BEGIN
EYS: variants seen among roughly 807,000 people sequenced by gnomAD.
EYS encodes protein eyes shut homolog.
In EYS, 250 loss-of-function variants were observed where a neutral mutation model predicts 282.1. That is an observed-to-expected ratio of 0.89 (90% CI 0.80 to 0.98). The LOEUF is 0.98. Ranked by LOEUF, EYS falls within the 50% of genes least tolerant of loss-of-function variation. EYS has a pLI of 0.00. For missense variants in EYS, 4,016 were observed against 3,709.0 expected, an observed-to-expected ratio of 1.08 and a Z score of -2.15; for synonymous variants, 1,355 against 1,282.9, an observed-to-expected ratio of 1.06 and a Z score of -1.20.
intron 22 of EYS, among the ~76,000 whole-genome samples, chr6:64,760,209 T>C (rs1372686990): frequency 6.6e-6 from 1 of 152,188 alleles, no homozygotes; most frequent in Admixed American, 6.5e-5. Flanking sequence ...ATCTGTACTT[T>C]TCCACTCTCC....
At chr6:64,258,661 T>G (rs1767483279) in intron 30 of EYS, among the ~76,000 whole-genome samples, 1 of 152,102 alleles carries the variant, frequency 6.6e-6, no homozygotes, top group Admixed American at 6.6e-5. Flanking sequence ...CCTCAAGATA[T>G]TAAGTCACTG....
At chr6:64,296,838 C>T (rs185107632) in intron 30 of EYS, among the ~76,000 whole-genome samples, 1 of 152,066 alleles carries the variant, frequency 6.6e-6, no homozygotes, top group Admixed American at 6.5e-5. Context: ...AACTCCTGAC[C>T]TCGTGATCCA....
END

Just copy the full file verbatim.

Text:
EYS: variants seen among roughly 807,000 people sequenced by gnomAD.
EYS encodes protein eyes shut homolog.
In EYS, 250 loss-of-function variants were observed where a neutral mutation model predicts 282.1. That is an observed-to-expected ratio of 0.89 (90% CI 0.80 to 0.98). The LOEUF is 0.98. Ranked by LOEUF, EYS falls within the 50% of genes least tolerant of loss-of-function variation. EYS has a pLI of 0.00. For missense variants in EYS, 4,016 were observed against 3,709.0 expected, an observed-to-expected ratio of 1.08 and a Z score of -2.15; for synonymous variants, 1,355 against 1,282.9, an observed-to-expected ratio of 1.06 and a Z score of -1.20.
intron 22 of EYS, among the ~76,000 whole-genome samples, chr6:64,760,209 T>C (rs1372686990): frequency 6.6e-6 from 1 of 152,188 alleles, no homozygotes; most frequent in Admixed American, 6.5e-5. Flanking sequence ...ATCTGTACTT[T>C]TCCACTCTCC....
At chr6:64,258,661 T>G (rs1767483279) in intron 30 of EYS, among the ~76,000 whole-genome samples, 1 of 152,102 alleles carries the variant, frequency 6.6e-6, no homozygotes, top group Admixed American at 6.6e-5. Flanking sequence ...CCTCAAGATA[T>G]TAAGTCACTG....
At chr6:64,296,838 C>T (rs185107632) in intron 30 of EYS, among the ~76,000 whole-genome samples, 1 of 152,066 alleles carries the variant, frequency 6.6e-6, no homozygotes, top group Admixed American at 6.5e-5. Context: ...AACTCCTGAC[C>T]TCGTGATCCA....